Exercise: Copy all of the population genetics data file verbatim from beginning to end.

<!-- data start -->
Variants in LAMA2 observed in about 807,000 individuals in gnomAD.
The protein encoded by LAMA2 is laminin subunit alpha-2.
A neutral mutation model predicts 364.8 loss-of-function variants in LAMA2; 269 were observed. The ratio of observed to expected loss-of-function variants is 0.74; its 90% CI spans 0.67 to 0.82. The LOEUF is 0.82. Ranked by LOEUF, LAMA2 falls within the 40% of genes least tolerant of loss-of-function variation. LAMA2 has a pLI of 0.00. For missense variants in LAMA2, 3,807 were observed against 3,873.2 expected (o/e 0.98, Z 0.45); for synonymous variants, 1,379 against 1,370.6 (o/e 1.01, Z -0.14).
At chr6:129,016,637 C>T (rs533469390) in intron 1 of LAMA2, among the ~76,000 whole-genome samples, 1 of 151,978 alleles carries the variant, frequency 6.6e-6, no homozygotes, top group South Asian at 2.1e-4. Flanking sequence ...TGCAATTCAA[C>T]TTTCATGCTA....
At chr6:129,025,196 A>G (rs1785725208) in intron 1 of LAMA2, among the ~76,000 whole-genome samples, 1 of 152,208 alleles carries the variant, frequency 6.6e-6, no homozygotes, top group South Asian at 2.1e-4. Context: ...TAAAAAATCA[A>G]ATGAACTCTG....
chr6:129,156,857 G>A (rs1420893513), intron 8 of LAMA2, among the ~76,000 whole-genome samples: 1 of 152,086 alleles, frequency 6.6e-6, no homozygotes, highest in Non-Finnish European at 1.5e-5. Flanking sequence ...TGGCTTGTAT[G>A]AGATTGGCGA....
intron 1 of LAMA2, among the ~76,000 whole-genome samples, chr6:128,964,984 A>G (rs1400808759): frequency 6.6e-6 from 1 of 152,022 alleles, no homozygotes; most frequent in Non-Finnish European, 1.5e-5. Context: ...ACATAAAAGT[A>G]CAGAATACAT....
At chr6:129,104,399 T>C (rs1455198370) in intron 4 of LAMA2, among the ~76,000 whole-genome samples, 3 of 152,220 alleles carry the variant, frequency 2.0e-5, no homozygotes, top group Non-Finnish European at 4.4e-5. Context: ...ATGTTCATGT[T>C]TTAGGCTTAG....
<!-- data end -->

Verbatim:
Variants in LAMA2 observed in about 807,000 individuals in gnomAD.
The protein encoded by LAMA2 is laminin subunit alpha-2.
A neutral mutation model predicts 364.8 loss-of-function variants in LAMA2; 269 were observed. The ratio of observed to expected loss-of-function variants is 0.74; its 90% CI spans 0.67 to 0.82. The LOEUF is 0.82. Ranked by LOEUF, LAMA2 falls within the 40% of genes least tolerant of loss-of-function variation. LAMA2 has a pLI of 0.00. For missense variants in LAMA2, 3,807 were observed against 3,873.2 expected (o/e 0.98, Z 0.45); for synonymous variants, 1,379 against 1,370.6 (o/e 1.01, Z -0.14).
At chr6:129,016,637 C>T (rs533469390) in intron 1 of LAMA2, among the ~76,000 whole-genome samples, 1 of 151,978 alleles carries the variant, frequency 6.6e-6, no homozygotes, top group South Asian at 2.1e-4. Flanking sequence ...TGCAATTCAA[C>T]TTTCATGCTA....
At chr6:129,025,196 A>G (rs1785725208) in intron 1 of LAMA2, among the ~76,000 whole-genome samples, 1 of 152,208 alleles carries the variant, frequency 6.6e-6, no homozygotes, top group South Asian at 2.1e-4. Context: ...TAAAAAATCA[A>G]ATGAACTCTG....
chr6:129,156,857 G>A (rs1420893513), intron 8 of LAMA2, among the ~76,000 whole-genome samples: 1 of 152,086 alleles, frequency 6.6e-6, no homozygotes, highest in Non-Finnish European at 1.5e-5. Flanking sequence ...TGGCTTGTAT[G>A]AGATTGGCGA....
intron 1 of LAMA2, among the ~76,000 whole-genome samples, chr6:128,964,984 A>G (rs1400808759): frequency 6.6e-6 from 1 of 152,022 alleles, no homozygotes; most frequent in Non-Finnish European, 1.5e-5. Context: ...ACATAAAAGT[A>G]CAGAATACAT....
At chr6:129,104,399 T>C (rs1455198370) in intron 4 of LAMA2, among the ~76,000 whole-genome samples, 3 of 152,220 alleles carry the variant, frequency 2.0e-5, no homozygotes, top group Non-Finnish European at 4.4e-5. Context: ...ATGTTCATGT[T>C]TTAGGCTTAG....